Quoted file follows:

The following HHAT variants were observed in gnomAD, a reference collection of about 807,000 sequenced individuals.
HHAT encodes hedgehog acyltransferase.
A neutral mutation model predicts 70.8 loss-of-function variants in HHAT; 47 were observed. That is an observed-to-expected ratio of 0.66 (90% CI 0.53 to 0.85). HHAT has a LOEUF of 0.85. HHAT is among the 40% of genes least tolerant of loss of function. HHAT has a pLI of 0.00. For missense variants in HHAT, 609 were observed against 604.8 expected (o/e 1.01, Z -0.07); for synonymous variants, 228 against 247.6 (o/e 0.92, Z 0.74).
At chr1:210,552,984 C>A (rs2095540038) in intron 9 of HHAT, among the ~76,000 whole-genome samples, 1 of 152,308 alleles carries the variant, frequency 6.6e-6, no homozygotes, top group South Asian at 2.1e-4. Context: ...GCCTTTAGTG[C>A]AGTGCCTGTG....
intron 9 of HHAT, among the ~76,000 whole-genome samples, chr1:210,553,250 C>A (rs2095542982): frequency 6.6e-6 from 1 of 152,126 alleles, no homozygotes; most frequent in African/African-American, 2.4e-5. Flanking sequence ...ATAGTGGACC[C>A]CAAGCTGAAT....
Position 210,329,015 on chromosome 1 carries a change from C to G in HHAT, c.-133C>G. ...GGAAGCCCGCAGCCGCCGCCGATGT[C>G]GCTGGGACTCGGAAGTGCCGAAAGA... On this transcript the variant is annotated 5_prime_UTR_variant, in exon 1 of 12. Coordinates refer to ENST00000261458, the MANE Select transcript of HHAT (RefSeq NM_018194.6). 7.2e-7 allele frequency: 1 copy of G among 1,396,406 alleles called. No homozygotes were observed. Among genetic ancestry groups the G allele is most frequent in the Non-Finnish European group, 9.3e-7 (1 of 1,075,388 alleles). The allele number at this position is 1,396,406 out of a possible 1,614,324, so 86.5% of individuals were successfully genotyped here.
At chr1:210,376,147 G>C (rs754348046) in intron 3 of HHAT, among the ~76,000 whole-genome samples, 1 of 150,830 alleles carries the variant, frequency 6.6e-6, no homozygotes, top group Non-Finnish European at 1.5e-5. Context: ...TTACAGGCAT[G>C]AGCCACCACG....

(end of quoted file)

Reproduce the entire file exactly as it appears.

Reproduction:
The following HHAT variants were observed in gnomAD, a reference collection of about 807,000 sequenced individuals.
HHAT encodes hedgehog acyltransferase.
A neutral mutation model predicts 70.8 loss-of-function variants in HHAT; 47 were observed. That is an observed-to-expected ratio of 0.66 (90% CI 0.53 to 0.85). HHAT has a LOEUF of 0.85. HHAT is among the 40% of genes least tolerant of loss of function. HHAT has a pLI of 0.00. For missense variants in HHAT, 609 were observed against 604.8 expected (o/e 1.01, Z -0.07); for synonymous variants, 228 against 247.6 (o/e 0.92, Z 0.74).
At chr1:210,552,984 C>A (rs2095540038) in intron 9 of HHAT, among the ~76,000 whole-genome samples, 1 of 152,308 alleles carries the variant, frequency 6.6e-6, no homozygotes, top group South Asian at 2.1e-4. Context: ...GCCTTTAGTG[C>A]AGTGCCTGTG....
intron 9 of HHAT, among the ~76,000 whole-genome samples, chr1:210,553,250 C>A (rs2095542982): frequency 6.6e-6 from 1 of 152,126 alleles, no homozygotes; most frequent in African/African-American, 2.4e-5. Flanking sequence ...ATAGTGGACC[C>A]CAAGCTGAAT....
Position 210,329,015 on chromosome 1 carries a change from C to G in HHAT, c.-133C>G. ...GGAAGCCCGCAGCCGCCGCCGATGT[C>G]GCTGGGACTCGGAAGTGCCGAAAGA... On this transcript the variant is annotated 5_prime_UTR_variant, in exon 1 of 12. Coordinates refer to ENST00000261458, the MANE Select transcript of HHAT (RefSeq NM_018194.6). 7.2e-7 allele frequency: 1 copy of G among 1,396,406 alleles called. No homozygotes were observed. Among genetic ancestry groups the G allele is most frequent in the Non-Finnish European group, 9.3e-7 (1 of 1,075,388 alleles). The allele number at this position is 1,396,406 out of a possible 1,614,324, so 86.5% of individuals were successfully genotyped here.
At chr1:210,376,147 G>C (rs754348046) in intron 3 of HHAT, among the ~76,000 whole-genome samples, 1 of 150,830 alleles carries the variant, frequency 6.6e-6, no homozygotes, top group Non-Finnish European at 1.5e-5. Context: ...TTACAGGCAT[G>C]AGCCACCACG....